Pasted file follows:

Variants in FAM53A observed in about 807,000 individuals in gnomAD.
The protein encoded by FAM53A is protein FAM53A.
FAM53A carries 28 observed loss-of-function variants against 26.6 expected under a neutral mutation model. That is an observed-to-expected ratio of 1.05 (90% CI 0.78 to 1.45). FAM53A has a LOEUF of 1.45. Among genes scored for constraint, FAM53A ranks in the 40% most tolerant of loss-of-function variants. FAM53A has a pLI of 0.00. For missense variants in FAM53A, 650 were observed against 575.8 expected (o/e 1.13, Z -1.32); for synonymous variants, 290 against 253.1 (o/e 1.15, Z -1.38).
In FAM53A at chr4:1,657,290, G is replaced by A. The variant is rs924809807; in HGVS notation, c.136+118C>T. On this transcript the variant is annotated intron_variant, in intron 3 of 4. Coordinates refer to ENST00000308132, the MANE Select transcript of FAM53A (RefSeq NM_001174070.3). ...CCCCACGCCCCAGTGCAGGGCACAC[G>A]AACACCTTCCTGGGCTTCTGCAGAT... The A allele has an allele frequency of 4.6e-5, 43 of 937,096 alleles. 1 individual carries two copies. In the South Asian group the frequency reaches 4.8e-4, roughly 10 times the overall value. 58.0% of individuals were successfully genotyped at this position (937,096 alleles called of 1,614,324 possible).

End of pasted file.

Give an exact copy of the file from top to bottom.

Variants in FAM53A observed in about 807,000 individuals in gnomAD.
The protein encoded by FAM53A is protein FAM53A.
FAM53A carries 28 observed loss-of-function variants against 26.6 expected under a neutral mutation model. That is an observed-to-expected ratio of 1.05 (90% CI 0.78 to 1.45). FAM53A has a LOEUF of 1.45. Among genes scored for constraint, FAM53A ranks in the 40% most tolerant of loss-of-function variants. FAM53A has a pLI of 0.00. For missense variants in FAM53A, 650 were observed against 575.8 expected (o/e 1.13, Z -1.32); for synonymous variants, 290 against 253.1 (o/e 1.15, Z -1.38).
In FAM53A at chr4:1,657,290, G is replaced by A. The variant is rs924809807; in HGVS notation, c.136+118C>T. On this transcript the variant is annotated intron_variant, in intron 3 of 4. Coordinates refer to ENST00000308132, the MANE Select transcript of FAM53A (RefSeq NM_001174070.3). ...CCCCACGCCCCAGTGCAGGGCACAC[G>A]AACACCTTCCTGGGCTTCTGCAGAT... The A allele has an allele frequency of 4.6e-5, 43 of 937,096 alleles. 1 individual carries two copies. In the South Asian group the frequency reaches 4.8e-4, roughly 10 times the overall value. 58.0% of individuals were successfully genotyped at this position (937,096 alleles called of 1,614,324 possible).